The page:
Entropy coding for Spam/Ham detection


I already built a spam filter based on Bayesian estimation which works reasonably well but is

  1. still comparatively slow
  2. stores like 62MB of data for each classification
  3. is relatively complex
  4. requires a persistent server for reasonable performance

None of those is particularly “fun”, so I decided to do something simpler that still kinda works. Enter the Huffman code.



On a high level, a Huffman code is a way of encoding a certain set of data so that it is “optimally” compressed, for some notion of being optimal. In this case, it’s “the smallest size you can get from a prefix-free code”. That means that no symbol generated by a Huffman code is a prefix of an other symbol generated by the same code, so decoding can be done symbol-by-symbol without expensive state tracking, and it means that the code is fairly agnostic to what kind of data it compresses/encodes: there is no special handling like “Replace runs of consecutive bytes by a count followed by the byte”.

When using a Huffman code, usually there is either one pre-generated code using a “common” distribution of underlying data, or the code is generated for each piece of data that needs to be compressed/encoded and is simply transferred alongside the compressed/encoded data.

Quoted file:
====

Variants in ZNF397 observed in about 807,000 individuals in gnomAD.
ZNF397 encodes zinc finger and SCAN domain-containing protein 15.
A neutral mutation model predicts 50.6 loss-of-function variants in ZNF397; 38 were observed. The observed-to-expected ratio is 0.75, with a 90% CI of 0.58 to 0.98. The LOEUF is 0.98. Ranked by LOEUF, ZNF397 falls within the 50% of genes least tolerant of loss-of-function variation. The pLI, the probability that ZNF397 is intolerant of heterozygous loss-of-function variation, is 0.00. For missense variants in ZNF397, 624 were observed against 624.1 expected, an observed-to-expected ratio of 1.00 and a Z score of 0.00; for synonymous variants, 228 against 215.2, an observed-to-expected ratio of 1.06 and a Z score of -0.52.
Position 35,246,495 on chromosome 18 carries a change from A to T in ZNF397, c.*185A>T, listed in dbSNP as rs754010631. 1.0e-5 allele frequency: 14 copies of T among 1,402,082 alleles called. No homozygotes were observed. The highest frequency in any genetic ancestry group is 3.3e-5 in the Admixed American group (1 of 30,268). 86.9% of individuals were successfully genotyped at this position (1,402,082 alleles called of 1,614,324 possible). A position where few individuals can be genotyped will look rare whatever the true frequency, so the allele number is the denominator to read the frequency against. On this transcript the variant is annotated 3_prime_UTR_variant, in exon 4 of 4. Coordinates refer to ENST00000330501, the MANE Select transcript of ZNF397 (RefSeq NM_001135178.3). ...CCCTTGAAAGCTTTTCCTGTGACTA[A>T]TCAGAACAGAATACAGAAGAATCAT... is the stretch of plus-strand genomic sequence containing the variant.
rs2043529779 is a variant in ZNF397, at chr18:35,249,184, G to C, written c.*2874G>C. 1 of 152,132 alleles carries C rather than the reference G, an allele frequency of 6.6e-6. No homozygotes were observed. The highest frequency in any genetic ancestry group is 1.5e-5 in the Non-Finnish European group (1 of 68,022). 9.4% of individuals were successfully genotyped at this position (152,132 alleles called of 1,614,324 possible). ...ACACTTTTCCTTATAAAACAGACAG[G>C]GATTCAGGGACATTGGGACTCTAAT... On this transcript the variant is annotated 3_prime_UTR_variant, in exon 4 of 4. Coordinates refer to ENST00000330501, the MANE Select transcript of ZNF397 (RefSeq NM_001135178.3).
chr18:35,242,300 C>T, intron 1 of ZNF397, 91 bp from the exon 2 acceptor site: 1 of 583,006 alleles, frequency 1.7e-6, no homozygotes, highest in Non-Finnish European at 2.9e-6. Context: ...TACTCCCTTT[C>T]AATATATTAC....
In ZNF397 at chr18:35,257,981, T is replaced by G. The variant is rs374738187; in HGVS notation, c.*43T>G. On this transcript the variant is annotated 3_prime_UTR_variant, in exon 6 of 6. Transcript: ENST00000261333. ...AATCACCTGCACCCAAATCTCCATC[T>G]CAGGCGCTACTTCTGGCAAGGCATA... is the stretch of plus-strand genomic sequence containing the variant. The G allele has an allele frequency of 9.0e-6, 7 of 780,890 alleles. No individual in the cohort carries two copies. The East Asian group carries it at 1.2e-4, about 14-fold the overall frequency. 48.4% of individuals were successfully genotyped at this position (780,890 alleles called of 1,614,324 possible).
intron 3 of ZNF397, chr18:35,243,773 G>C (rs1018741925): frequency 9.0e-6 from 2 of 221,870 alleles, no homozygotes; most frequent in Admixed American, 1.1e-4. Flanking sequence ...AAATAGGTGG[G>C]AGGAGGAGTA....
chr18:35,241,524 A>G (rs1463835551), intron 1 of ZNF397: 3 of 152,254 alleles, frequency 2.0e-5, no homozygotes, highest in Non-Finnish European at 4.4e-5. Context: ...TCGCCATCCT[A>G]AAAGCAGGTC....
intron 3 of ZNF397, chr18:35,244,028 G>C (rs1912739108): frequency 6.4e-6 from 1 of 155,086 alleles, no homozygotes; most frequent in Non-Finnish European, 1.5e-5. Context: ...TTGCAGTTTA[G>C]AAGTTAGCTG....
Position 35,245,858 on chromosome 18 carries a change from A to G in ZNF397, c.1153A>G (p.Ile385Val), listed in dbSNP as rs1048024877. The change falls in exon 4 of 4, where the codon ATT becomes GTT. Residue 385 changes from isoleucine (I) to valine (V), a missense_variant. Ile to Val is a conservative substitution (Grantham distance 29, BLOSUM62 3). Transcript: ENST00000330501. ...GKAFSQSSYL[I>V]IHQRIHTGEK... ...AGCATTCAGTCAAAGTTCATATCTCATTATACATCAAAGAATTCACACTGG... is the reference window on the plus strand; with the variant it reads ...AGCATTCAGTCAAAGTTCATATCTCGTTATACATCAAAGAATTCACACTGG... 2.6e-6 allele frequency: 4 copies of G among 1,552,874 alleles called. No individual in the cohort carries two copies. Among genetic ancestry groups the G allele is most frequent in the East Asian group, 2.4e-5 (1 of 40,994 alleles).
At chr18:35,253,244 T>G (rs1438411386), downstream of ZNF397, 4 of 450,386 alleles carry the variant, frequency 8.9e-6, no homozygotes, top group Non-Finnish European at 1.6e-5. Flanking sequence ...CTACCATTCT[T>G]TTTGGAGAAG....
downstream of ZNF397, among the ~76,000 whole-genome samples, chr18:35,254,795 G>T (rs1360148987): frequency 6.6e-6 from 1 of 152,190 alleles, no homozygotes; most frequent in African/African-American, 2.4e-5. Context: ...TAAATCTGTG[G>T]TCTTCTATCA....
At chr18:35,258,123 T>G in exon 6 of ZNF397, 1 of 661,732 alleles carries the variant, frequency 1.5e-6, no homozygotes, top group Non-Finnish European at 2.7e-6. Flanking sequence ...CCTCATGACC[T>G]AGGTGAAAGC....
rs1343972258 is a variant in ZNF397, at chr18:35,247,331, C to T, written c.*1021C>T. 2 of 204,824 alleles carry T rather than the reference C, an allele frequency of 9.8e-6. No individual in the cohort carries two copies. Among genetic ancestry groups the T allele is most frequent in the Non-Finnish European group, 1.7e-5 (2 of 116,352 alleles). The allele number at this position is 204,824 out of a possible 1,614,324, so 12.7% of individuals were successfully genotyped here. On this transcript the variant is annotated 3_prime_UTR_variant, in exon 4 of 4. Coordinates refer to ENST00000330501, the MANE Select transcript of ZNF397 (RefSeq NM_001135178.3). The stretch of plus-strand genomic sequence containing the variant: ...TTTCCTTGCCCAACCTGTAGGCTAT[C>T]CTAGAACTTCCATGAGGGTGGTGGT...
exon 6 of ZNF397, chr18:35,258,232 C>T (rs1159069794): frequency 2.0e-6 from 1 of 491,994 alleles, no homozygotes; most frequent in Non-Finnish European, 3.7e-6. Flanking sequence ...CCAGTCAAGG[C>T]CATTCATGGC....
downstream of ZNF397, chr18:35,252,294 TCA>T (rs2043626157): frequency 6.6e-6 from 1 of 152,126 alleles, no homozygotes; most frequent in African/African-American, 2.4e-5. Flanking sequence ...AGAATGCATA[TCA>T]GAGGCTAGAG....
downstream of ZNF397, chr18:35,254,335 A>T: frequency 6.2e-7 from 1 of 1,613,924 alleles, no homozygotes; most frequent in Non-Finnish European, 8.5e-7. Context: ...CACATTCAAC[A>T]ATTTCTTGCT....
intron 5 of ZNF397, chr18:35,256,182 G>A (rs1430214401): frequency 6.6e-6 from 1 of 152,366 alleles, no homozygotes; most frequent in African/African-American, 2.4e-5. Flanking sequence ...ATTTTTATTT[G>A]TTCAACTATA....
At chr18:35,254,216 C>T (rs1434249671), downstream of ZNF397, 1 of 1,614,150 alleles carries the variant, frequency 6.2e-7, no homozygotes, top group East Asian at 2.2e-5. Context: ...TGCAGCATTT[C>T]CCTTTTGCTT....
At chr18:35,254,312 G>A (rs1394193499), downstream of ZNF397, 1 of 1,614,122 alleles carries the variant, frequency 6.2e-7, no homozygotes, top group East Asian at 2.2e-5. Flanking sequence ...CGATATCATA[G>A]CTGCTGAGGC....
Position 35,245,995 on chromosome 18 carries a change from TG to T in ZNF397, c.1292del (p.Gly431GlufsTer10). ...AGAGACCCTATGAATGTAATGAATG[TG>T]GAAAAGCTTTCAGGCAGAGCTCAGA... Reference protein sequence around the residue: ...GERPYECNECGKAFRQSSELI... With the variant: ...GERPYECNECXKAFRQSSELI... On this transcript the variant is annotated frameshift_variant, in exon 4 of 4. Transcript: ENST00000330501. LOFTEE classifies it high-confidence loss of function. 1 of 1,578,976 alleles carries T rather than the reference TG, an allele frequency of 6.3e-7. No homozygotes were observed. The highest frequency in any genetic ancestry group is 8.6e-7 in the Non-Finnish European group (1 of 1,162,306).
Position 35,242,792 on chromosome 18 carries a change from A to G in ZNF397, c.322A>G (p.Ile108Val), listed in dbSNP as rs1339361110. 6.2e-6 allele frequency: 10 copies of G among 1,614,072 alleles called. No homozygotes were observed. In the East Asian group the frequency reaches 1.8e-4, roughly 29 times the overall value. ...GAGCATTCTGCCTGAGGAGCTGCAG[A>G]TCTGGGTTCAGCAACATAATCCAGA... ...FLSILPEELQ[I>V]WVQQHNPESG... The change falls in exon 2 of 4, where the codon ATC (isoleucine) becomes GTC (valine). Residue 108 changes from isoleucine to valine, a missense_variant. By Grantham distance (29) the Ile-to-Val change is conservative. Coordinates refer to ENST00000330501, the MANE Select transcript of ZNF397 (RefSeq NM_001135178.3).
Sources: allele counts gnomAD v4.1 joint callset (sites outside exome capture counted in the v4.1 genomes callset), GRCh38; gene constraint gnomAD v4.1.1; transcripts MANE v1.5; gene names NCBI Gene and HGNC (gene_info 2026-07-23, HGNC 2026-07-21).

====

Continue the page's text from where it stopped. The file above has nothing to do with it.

(I’ll be using “encoded” from now on to mean “compressed/encoded” because that’s just easier to type and read).

Generating a code

Generating a Huffman code works like this:

  1. Count all “symbols” (individual elements the data is made up of) in the data. Usually this means individual bytes, but in my case it’s a sliding 2-byte window. This results in a mapping of symbols to their frequency (i.e. “how often did I see 0x41 in the data?”).
  2. Once all the frequencies are collected, put all of them into a data structure that allows you to quickly grab the two symbols with the lowest frequency. I chose a heap for that, but a list works as well.
  3. As long as that data structure has more than one entry in it:
    1. Remove the two entries with the lowest frequency
    2. Join them to create a new entry. The frequency of the new entry is the sum of the frequencies of its children.